Last week came in preparation for April 19, when the United States House Financial Services Committee will hold a hearing on stablecoins. The hearing will include information collected by various federal government agencies over the last year. Among the participants are Jake Chervinsky, the chief political officer at the Blockchain Association, and Dante Disparte, the chief strategy officer of Circle.
On the hearing threshold, a new draft bill appeared in the House of Representatives document repository. The draft provides a framework for stablecoins in the United States, putting the Federal Reserve in charge of non-bank stablecoin issuers. According to the document, insured depository institutions seeking to issue stablecoins would fall under the appropriate federal banking agency supervision, while non-bank institutions would be subject to Federal Reserve oversight. Failure to register could result in up to five years in prison and a fine of $1 million. Foreign issuers would also have to seek registration to do business in the country.
Among the factors for approval is the ability of the applicant to maintain reserves backing the stablecoins with U.S. dollars or Federal Reserve notes, Treasury bills with a maturity of 90 days or less, repurchase agreements with a maturity of seven days or less backed by Treasury bills with a maturity of 90 days or less, and central bank reserve deposits.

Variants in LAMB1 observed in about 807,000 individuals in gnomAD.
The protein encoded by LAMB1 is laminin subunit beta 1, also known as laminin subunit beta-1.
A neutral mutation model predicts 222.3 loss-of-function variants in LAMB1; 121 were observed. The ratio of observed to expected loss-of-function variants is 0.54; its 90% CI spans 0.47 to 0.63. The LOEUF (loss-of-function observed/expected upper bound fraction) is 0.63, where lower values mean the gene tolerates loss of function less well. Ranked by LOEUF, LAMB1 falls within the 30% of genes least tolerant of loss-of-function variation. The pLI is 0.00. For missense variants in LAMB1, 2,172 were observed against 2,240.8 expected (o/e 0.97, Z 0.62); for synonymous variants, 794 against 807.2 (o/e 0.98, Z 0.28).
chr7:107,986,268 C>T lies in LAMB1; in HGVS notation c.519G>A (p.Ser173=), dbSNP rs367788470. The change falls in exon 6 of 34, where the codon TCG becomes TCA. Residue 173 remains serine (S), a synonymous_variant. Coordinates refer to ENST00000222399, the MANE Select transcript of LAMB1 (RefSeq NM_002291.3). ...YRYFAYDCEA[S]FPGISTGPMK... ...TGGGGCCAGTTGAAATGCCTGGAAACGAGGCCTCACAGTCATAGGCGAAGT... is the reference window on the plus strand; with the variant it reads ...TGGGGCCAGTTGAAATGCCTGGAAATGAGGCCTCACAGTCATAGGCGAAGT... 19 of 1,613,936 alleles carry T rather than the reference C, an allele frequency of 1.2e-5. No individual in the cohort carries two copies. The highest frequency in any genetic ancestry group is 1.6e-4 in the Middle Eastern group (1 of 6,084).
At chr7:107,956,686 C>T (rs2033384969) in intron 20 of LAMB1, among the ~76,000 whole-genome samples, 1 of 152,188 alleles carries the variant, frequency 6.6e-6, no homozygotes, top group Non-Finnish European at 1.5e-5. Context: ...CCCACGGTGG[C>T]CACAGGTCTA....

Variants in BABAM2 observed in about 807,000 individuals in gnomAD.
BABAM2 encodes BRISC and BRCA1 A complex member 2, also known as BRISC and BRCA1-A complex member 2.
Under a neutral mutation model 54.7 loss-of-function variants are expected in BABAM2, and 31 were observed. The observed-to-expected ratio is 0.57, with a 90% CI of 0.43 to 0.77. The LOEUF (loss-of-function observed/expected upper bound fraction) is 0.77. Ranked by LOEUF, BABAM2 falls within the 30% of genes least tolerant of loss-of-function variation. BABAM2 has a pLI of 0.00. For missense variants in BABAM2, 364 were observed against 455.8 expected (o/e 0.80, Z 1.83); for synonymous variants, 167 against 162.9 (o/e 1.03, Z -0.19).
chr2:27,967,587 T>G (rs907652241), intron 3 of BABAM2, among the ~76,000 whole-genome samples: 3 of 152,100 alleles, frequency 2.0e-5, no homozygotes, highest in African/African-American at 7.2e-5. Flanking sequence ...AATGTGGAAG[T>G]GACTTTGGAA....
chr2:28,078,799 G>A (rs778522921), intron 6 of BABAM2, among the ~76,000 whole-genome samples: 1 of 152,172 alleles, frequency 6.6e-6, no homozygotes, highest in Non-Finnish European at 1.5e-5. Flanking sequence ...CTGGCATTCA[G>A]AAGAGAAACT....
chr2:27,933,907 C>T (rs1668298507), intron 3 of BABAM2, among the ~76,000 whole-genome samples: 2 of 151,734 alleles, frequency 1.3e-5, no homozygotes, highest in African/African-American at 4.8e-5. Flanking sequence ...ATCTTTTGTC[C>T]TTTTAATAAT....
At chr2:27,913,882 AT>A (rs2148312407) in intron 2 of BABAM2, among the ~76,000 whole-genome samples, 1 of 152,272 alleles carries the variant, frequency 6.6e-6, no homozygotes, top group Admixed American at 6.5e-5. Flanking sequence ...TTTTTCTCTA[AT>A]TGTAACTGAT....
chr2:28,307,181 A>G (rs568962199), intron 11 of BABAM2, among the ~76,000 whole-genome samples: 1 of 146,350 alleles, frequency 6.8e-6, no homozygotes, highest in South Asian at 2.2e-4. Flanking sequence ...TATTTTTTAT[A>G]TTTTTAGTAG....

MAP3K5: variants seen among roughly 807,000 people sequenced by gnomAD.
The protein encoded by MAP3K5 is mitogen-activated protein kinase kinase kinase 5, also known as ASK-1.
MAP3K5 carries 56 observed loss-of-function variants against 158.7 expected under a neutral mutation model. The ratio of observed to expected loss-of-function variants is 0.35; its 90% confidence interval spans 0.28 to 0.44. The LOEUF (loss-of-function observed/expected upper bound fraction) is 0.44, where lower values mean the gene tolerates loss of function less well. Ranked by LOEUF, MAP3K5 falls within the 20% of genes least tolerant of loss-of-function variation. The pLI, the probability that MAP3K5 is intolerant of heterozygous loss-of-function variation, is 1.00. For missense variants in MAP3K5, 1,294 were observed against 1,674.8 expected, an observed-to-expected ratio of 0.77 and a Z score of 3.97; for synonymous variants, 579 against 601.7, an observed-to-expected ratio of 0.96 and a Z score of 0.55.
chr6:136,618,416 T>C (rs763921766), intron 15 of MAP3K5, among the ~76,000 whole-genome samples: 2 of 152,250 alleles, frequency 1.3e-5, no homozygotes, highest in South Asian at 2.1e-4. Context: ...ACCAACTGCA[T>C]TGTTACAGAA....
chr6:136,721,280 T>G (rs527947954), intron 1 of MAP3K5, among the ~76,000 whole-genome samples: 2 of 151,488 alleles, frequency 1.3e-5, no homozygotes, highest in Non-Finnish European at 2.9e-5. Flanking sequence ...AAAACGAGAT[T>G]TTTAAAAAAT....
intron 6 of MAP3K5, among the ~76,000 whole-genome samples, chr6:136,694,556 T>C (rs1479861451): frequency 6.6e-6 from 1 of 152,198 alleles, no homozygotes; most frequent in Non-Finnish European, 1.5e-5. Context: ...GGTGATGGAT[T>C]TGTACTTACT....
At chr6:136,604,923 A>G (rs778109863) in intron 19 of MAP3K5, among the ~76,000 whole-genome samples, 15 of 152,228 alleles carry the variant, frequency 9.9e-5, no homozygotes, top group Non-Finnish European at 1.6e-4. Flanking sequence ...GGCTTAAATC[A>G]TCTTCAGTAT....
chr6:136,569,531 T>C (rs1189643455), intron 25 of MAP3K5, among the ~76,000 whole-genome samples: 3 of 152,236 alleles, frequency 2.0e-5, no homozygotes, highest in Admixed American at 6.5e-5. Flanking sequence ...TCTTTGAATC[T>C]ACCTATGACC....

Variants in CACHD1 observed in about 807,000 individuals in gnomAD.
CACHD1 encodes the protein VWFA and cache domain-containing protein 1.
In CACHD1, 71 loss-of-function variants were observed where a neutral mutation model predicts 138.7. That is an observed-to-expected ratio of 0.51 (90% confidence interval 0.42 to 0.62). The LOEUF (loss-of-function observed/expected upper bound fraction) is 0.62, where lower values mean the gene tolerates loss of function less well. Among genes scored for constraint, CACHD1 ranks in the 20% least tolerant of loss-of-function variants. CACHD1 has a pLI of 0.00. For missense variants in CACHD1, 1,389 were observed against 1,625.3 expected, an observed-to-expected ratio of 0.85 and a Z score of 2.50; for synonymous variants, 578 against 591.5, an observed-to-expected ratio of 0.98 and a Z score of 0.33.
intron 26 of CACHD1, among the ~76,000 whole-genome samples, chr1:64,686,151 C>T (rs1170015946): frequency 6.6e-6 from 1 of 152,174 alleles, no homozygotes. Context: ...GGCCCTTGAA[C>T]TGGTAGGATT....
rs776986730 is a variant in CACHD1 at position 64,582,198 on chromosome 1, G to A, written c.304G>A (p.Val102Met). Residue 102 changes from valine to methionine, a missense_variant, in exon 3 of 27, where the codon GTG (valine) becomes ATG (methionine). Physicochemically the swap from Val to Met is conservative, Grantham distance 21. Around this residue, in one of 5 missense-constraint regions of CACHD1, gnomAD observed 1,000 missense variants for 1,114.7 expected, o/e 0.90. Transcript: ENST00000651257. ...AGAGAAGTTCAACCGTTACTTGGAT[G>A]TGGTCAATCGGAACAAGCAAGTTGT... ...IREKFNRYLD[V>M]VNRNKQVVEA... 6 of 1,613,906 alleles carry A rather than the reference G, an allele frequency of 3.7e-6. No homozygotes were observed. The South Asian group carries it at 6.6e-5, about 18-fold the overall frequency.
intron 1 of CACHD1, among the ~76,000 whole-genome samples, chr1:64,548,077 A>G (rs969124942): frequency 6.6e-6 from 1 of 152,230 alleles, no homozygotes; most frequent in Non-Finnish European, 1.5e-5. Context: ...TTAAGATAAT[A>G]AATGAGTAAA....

SEC targets DeFi in a vote to revisit proposal concerning the definition of ‘exchange’
The U.S. Securities and Exchange Commission (SEC) has announced it will be revisiting the proposed redefinition of an “exchange” under the agency’s rules — a move that could include crypto market participants in decentralized finance (DeFi). Under the proposal, an “exchange” would be more closely defined as a system that “bring[s] together buyers and sellers of securities through structured methods to negotiate a trade” and explicitly include DeFi.
The commission proposed similar amendments in January 2022, keeping the comment period for the public open until June. Some crypto advocacy groups criticized the SEC’s actions at the time, suggesting it was an overreach of the commission’s authority.
Arizona governor vetoes bill targeting taxes on blockchain node hosts
Katie Hobbs, the governor of the American state of Arizona, has vetoed legislation that would have largely stopped local authorities from imposing taxes on individuals and businesses running blockchain nodes. The governor vetoed Arizona Senate Bill 1236, first introduced in January. The legislation aimed to revise sections of statutes pertaining to blockchain technology, mainly reducing or eliminating regulation and taxation of node operators at the state level.
The Italian regulator sets strict guidelines for OpenAI’s ChatGPT
Italy’s data protection agency, known as Garante, has specified the actions that OpenAI must take to revoke an order imposed on ChatGPT. OpenAI must increase its transparency and issue an information notice comprehensively outlining its data processing practices. Additionally, the statement requires OpenAI to implement age-gating measures immediately to prevent minors from accessing its technology and adopt more stringent age verification methods.
In addition, the regulatory agency mandated that OpenAI allow users to object to processing their data to train its algorithms. Also, OpenAI is required to conduct an awareness campaign in Italy to inform individuals that their information is being processed to train its AIs.